The hunt for exoplanets has turned up many fascinating case studies. For example, surveys have turned up many "Hot Jupiters", gas giants that are similar in size to Jupiter but orbit very close to their suns.
This particular type of exoplanet has been a source of interest to astronomers, mainly because their existence challenges conventional thinking about where gas giants can exist in a star system.
Hence why an international team led by researchers from the European Southern Observatory (ESO) used the Very Large Telescope (VLT) to get a better look at WASP-19b, a Hot Jupiter located 815 light-years from Earth.
In the course of these observations, they noticed that the planet's atmosphere contained traces of titanium oxide, making this the first time that this compound has been detected in the atmosphere of a gas giant.
The study which describes their findings, titled "Detection of titanium oxide in the atmosphere of a hot Jupiter", recently appeared in the science journal Nature.
Led by Elyar Sedaghati – a recent graduate from the Technical University of Berlin and a fellow at the European Southern Observatory – the team used data collected by the VLT array over the course of a year to study WASP-19b.
Like all Hot Jupiters, WASP-19b has about the same mass as Jupiter and orbits very close to its sun. In fact, its orbital period is so short – just 19 hours – that temperatures in its atmosphere are estimated to reach as high as 2273 K (2000 °C; 3632 °F).
That's over four times as hot as Venus, where temperatures are hot enough to melt lead! In fact, temperatures on WASP-19b are hot enough to melt silicate minerals and platinum!
The study relied on the FOcal Reducer/low dispersion Spectrograph 2 (FORS2) instrument on the VLT, a multi-mode optical instrument capable of conducting imaging, spectroscopy and the study of polarised light (polarimetry).
Using FORS2, the team observing the planet as it passed in front of its star (aka made a transit), which revealed valuable spectra from its atmosphere.
After carefully analysing the light that passed through its hazy clouds, the team was surprised to find trace amounts of titanium oxide (as well as sodium and water).
As Elyar Sedaghati, who spent 2 years as a student with the ESO to work on this project, said of the discovery in an ES press release:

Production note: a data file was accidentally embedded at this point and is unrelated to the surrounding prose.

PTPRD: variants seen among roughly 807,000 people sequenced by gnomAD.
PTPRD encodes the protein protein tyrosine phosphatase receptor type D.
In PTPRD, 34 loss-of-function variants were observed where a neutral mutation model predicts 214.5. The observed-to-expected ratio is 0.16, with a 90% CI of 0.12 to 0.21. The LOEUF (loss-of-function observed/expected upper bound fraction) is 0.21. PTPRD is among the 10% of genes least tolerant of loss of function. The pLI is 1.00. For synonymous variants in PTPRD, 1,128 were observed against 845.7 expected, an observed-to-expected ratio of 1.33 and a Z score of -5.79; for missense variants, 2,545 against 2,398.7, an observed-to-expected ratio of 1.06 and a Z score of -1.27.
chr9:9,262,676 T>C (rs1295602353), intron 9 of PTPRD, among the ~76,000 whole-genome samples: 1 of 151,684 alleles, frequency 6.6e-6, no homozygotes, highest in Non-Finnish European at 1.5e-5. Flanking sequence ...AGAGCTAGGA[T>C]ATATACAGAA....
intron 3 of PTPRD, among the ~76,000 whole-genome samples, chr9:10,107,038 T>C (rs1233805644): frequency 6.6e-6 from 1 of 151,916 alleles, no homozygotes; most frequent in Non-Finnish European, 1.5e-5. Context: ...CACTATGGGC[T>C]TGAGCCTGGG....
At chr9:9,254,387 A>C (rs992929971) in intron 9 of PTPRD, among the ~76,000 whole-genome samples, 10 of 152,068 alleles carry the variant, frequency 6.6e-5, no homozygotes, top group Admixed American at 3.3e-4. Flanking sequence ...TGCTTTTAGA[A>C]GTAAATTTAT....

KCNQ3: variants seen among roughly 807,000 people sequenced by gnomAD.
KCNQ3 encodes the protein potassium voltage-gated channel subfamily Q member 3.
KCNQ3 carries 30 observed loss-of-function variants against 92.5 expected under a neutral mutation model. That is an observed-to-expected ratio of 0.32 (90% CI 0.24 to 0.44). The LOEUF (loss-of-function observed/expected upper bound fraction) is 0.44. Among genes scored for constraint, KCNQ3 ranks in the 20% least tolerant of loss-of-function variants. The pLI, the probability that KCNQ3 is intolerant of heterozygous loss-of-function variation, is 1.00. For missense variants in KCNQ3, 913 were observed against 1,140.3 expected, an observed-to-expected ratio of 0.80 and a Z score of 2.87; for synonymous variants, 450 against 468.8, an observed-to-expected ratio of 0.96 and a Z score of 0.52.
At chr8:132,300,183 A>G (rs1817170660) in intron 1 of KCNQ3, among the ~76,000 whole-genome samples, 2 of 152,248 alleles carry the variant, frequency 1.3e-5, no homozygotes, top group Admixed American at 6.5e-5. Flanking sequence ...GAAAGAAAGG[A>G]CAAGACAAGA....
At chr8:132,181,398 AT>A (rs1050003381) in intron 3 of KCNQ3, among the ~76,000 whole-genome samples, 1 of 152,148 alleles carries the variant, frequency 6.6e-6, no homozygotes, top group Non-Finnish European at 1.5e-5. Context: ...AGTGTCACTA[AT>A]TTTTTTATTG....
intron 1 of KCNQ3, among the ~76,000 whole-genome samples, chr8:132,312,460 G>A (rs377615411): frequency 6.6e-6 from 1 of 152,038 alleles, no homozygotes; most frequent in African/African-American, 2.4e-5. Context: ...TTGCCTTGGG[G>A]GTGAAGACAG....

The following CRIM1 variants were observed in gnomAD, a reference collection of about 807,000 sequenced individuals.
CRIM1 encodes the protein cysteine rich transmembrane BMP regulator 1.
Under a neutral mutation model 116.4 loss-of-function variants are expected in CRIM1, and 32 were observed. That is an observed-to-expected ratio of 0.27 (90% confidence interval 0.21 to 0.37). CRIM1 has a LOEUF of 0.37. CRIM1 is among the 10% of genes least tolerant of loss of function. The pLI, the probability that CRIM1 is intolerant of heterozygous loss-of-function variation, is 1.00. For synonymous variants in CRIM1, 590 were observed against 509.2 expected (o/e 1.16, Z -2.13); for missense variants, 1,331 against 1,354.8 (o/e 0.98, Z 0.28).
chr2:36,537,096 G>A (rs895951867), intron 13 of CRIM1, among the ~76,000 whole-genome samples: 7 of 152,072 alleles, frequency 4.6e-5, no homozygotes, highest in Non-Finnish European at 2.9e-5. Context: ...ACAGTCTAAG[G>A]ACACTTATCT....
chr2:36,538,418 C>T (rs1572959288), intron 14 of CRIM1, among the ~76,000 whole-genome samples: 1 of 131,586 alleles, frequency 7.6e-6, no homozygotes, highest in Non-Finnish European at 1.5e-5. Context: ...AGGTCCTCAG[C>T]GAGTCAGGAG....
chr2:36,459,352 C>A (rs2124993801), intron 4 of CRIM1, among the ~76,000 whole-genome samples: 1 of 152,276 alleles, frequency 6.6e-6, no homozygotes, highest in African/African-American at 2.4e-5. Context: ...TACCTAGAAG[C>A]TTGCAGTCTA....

"Detecting such molecules is, however, no simple feat. Not only do we need data of exceptional quality, but we also need to perform a sophisticated analysis. We used an algorithm that explores many millions of spectra spanning a wide range of chemical compositions, temperatures, and cloud or haze properties in order to draw our conclusions."
Titanium oxide is a very rare compound which is known to exist in the atmospheres of cool stars. In small quantities, it acts as a heat absorber, and is therefore likely to be partly responsible for WASP-19b experiencing such high temperatures.
In large enough quantities, it can prevent heat from entering or escaping an atmosphere, causing what is known as thermal inversion.
This is a phenomena where temperatures are higher in the upper atmosphere and lower further down. On Earth, ozone plays a similar role, causing an inversion of temperatures in the stratosphere.
But on gas giants, this is the opposite of what usually happens. Whereas Jupiter, Saturn, Uranus and Neptune experience colder temperatures in their upper atmospheres, temperatures are much hotter closer to the core due to increases in pressure.
The team believes that the presence of this compound could have a substantial effect on the atmosphere's temperature, structure and circulation.
What's more, the fact that the team was able to detect this compound (a first for exoplanet researchers) is an indication of how exoplanet studies are achieving new levels of detail. All of this is likely to have a profound impact on future studies of exoplanet atmospheres.
The study would also have not been possible were it not for the FORS2 instrument, which was added to the VLT array in recent years. As Henri Boffin, the instrument scientist who led the refurbishment project, commented:
"This important discovery is the outcome of a refurbishment of the FORS2 instrument that was done exactly for this purpose. Since then, FORS2 has become the best instrument to perform this kind of study from the ground."
Looking ahead, it is clear that the detection of metal oxides and other similar substances in exoplanet atmospheres will also allow for the creation of better atmospheric models.
With these in hand, astronomers will be able to conduct far more detailed and accurate studies on exoplanet atmospheres, which will allow them to gauge with greater certainty whether or not any of them are habitable.
So while this latest planet has no chance of supporting life – you'd have better luck finding ice cubes in the Gobi desert! – its discovery could help point the way towards habitable exoplanets in the future.
On step closer to finding a world that could support life, or possibly that elusive Earth 2.0!